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Post-COVID World is Divided – it Must Unite

By Rebecca Sta Maria Bangkok, Thailand | 15 November 2022


There are increasing concerns that the systems and order that make contemporary life possible—marked by connection, convenience and abundance—are coming apart. 

According to observers, multilateralism, trade, and the rules-based order are in trouble, and that will undermine our ability to face the challenges looming ahead, principal among them the dangerous effects of changing climate. It is also commonly assumed that the main culprit is geopolitical tension between the two of the  world’s biggest economies, China and the United States. I agree with the first statement. This is the time for us to work together—we must do better. Additionally, I would say the fate of the world order does not rely on the U.S. and China alone. Sure, both play a major part in that if one, or both, sneezes, we all get sick. Nonetheless, it takes the whole community for us to recover.

Take the case of COVID-19, which came at a time when relationships were at a nadir, hampering initial cooperation when the virus broke into a pandemic. Because it affected many, it took many, working together, to put it to heel. An example of this is how the challenge was met by the Asia-Pacific Economic Cooperation, or APEC forum—a group of 21 diverse economies that includes China and the U.S. 

At the onset of the pandemic, many APEC officials expressed concern that protectionism and vaccine nationalism would prevail. But despite that apprehension member economies came together, meeting virtually, to pledge, among other things, support for facilitating the movement of vaccines across borders and low tariffs for essential medical goods.

They were quick to react to unclog and ensure the continued flow of essential goods. A special APEC leaders’ meeting was called in July 2021 to reinforce the urgency of collaboration. Customs guidelines were set laying out operational and practical measures to ensure supply chains were equipped to speedily carry vaccines and related goods. We worked with the business community, companies on both sides of the Pacific, who likewise committed to helping in the facilitation of the flow of goods and services, especially those that most support health and economic response at this critical time.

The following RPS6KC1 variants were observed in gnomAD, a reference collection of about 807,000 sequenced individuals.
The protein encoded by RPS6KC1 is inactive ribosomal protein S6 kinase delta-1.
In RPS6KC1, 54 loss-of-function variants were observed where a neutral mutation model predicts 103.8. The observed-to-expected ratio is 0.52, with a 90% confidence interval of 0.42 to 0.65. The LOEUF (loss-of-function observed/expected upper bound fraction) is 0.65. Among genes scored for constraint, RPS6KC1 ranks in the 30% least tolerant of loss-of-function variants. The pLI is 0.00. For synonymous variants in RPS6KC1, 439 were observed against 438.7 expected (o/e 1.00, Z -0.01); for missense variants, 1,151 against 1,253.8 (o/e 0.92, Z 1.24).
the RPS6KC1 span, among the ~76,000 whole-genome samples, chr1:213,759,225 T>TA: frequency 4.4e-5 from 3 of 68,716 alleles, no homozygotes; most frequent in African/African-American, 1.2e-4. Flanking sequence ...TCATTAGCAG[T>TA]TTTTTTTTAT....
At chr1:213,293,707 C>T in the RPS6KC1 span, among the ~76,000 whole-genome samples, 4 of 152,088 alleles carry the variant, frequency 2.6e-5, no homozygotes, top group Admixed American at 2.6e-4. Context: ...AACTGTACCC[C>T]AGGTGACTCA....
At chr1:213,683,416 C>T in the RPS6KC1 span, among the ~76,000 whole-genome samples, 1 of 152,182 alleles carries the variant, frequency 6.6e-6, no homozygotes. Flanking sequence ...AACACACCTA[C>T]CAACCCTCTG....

The virus is not yet gone, but already we are seeing the relationships among economies, which made connectivity possible slowly falter, again over geopolitical tensions.

There’s enough documentary evidence to account for the continuing impact of the pandemic, as well as other factors, on the economy. Among APEC member economies, economic growth is expected to slow down to 2.5 percent in 2022, following a 5.9 percent expansion in 2021, and will improve slightly in 2023 to 2.6 percent, according to recent economic data published by the APEC Policy Support Unit.

Varying views among members must be respected. The issues in contention involve vital questions that must be addressed by the international community if we are to remain together. This typically involves confronting grim realities and challenging the status quo. Continuous disagreement puts a strain on solving vital priorities that benefit those on both sides of the argument, such as work in managing the impact of the pandemic and in working collaboratively towards recovery. 

More importantly, it can render useless all the lessons of the past two years, which we will need to put into practice if we do not want a repeat of a similar crisis or worse.